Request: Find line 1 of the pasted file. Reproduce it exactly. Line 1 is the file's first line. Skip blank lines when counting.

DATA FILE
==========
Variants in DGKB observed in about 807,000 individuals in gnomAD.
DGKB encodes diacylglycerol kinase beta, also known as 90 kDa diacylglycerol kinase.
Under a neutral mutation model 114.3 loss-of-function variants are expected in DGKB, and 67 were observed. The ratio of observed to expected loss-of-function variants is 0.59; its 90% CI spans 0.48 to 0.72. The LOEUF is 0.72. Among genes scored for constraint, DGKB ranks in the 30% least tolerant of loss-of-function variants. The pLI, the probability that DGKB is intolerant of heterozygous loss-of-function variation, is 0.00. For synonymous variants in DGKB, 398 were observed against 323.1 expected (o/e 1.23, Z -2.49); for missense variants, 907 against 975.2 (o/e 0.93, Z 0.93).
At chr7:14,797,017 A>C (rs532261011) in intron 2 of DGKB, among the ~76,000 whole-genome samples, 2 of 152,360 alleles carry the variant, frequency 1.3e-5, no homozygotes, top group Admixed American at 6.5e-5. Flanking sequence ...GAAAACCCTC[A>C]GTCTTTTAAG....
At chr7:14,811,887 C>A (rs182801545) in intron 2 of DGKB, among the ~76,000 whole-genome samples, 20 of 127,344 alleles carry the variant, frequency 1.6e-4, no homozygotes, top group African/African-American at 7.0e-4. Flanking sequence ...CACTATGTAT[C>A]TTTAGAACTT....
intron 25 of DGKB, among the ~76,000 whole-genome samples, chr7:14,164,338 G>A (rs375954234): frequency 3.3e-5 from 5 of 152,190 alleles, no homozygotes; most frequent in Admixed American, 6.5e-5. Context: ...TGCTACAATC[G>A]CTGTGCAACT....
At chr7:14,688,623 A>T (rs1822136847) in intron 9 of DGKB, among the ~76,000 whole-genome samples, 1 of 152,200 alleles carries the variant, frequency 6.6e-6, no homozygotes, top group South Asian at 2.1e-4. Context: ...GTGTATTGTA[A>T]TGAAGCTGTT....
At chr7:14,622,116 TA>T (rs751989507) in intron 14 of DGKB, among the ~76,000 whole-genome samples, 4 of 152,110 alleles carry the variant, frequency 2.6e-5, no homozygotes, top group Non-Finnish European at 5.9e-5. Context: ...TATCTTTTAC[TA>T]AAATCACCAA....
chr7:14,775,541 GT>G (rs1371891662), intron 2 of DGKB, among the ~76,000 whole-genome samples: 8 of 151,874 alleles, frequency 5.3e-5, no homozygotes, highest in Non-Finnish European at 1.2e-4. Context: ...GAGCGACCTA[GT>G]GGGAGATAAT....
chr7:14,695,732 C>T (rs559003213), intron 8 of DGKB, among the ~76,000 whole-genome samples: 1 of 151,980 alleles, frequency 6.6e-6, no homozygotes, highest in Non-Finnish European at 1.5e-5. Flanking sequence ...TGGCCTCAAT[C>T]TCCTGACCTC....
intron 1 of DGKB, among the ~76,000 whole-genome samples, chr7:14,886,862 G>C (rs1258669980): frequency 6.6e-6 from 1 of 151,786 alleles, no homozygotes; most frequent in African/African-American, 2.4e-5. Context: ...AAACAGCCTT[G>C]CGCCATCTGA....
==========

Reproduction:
Variants in DGKB observed in about 807,000 individuals in gnomAD.